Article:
As he explained on April 12, a series of entries on the X platform Michał Kędzierski, analyst from the Germany and Northern Europe Team of the Center for Eastern Studies, the act adopted in 2019 sets the maximum annual emission values ​​for economic sectors (energy, industry, transport, construction, agriculture and waste) until 2030. Kędzierski wrote: “responsibility for their enforcement rests with the relevant ministries. In the event of failure to meet the annual targets (emission limits), the ministry supervising a given sector is obliged to prepare a recovery plan within 3 months, containing instruments for a quick reduction of emissions, which would enable a return to statutory levels.” designated reduction path.

“Liberals [z FDP] from the very beginning they wanted to change the act so that emissions would be settled collectively and not sectorally (e.g. so that the energy sector could 'compensate' for transport), and to transfer the responsibility and obligation to implement rapid reduction instruments from individual ministries to the entire government. This was also agreed in the coalition agreement and such a project was prepared, but it got stuck in numerous coalition disputes,” the analyst explained.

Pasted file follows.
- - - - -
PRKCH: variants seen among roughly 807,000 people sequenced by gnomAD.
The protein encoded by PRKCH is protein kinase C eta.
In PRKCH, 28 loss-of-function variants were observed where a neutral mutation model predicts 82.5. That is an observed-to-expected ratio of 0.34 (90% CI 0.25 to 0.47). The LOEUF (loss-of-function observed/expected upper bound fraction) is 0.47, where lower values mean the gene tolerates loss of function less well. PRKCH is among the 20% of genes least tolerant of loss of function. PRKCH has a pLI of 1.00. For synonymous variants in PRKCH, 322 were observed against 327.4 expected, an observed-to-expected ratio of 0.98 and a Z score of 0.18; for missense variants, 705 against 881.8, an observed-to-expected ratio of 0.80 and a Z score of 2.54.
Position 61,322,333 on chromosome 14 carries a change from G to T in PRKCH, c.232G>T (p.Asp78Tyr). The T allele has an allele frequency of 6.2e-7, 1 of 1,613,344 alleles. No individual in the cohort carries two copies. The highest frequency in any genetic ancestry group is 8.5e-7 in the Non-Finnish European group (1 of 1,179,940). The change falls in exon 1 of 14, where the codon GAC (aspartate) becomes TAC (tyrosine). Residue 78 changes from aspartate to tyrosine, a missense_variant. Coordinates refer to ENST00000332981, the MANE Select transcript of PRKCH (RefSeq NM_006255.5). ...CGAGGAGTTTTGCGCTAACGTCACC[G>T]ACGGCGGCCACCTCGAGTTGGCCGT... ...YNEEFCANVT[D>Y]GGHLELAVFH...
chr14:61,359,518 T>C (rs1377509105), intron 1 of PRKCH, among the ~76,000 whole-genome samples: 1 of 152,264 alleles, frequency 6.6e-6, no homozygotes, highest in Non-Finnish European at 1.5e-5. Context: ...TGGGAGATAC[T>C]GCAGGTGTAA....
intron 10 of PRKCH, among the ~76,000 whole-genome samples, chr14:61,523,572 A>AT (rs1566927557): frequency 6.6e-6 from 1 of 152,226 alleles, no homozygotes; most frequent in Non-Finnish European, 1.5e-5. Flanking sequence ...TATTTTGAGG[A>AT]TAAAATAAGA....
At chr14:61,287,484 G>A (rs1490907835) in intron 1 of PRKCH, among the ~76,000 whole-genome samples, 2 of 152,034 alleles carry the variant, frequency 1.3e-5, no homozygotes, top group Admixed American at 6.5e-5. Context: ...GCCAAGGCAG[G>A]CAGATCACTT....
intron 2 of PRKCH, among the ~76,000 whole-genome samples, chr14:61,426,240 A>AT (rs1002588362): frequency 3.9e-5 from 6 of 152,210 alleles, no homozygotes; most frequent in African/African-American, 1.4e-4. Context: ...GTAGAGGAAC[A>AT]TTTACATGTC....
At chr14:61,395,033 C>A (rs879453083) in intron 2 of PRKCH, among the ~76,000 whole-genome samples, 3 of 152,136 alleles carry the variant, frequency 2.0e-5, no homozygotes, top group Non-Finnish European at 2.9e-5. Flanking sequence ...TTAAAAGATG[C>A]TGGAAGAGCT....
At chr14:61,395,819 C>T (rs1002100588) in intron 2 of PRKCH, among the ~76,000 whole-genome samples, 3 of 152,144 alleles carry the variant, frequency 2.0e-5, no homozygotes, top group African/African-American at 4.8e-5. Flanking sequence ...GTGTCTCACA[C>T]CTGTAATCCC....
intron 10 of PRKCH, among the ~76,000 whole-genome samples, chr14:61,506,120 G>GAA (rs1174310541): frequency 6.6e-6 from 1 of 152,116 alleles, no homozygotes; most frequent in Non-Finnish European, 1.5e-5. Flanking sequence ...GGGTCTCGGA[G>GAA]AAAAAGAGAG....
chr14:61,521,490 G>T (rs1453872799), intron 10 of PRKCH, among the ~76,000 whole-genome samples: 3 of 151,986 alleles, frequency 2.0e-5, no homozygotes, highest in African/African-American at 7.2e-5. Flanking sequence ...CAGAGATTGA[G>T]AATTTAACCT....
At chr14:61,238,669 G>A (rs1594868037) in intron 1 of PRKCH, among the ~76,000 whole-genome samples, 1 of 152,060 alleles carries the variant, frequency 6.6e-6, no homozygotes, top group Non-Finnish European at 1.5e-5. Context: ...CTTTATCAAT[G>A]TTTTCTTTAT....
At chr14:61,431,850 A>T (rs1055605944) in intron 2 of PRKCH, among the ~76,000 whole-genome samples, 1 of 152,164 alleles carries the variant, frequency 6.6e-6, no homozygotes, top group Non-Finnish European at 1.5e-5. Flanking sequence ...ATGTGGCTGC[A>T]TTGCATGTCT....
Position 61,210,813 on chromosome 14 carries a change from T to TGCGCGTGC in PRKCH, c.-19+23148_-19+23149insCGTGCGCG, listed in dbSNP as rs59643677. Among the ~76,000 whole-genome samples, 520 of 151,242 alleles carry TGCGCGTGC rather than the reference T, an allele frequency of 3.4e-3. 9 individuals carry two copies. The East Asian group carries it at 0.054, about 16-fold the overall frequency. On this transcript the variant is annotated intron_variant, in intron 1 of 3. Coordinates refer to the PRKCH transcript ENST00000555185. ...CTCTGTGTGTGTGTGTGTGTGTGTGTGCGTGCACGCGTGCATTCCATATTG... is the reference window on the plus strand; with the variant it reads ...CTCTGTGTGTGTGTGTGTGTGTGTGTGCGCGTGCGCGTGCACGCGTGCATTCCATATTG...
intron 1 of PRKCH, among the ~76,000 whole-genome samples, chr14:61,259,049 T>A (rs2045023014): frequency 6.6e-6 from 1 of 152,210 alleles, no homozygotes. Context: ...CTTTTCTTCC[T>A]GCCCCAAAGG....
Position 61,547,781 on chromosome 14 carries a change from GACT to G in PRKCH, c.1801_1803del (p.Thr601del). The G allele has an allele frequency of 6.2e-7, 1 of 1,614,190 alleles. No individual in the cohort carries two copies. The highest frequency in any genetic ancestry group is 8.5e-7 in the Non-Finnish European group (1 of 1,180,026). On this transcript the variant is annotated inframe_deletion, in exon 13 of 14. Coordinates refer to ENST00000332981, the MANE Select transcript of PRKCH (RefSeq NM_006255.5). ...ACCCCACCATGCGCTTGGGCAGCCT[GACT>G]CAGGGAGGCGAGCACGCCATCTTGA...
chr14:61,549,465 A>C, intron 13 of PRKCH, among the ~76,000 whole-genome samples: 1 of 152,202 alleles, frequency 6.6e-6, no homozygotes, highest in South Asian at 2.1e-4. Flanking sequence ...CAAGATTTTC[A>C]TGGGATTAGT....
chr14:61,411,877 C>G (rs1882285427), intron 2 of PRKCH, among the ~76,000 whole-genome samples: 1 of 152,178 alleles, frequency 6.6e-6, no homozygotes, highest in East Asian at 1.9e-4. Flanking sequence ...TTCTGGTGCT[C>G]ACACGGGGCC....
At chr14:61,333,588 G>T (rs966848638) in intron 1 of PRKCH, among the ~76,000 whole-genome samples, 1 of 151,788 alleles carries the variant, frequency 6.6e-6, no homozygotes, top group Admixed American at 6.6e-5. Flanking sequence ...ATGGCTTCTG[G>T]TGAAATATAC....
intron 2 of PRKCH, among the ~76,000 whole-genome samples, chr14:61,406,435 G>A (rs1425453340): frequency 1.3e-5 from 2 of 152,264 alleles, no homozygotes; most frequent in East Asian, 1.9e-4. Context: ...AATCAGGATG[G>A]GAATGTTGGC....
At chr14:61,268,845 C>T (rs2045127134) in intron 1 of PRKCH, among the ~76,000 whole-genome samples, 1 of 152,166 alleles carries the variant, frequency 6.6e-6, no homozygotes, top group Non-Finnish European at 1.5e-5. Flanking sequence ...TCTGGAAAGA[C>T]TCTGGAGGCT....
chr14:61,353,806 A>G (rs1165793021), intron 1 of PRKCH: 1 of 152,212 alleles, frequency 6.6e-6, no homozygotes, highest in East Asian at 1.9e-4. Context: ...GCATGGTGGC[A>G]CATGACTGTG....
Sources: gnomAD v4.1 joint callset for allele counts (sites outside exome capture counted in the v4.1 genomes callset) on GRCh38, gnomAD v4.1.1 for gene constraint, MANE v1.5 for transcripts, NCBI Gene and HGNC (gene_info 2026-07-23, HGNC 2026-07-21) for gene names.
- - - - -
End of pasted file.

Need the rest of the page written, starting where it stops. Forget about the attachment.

Criticism even from the minister's coalition partners

According to German media, Minister Wissing's words should not be interpreted as an announcement of changes. They were only intended to encourage coalition partners to speed up legislative work. However, Volker Wissing's announcements were criticized even by his party's coalition partners. “We, the Greens, do not consider a car driving ban to be a sensible solution. A responsible minister should not raise unjustified fears” – this is what she said about the minister's proposal leader of the Green Party parliamentary group Katharina Droege. She called on the minister to present reasonable suggestions for climate protection in transport. And the deputy head of the Social Democrats (SPD) faction, Detlef Mueller, said: “Scaring people with absurd proposals does not help protect the climate in the transport sector, on the contrary.”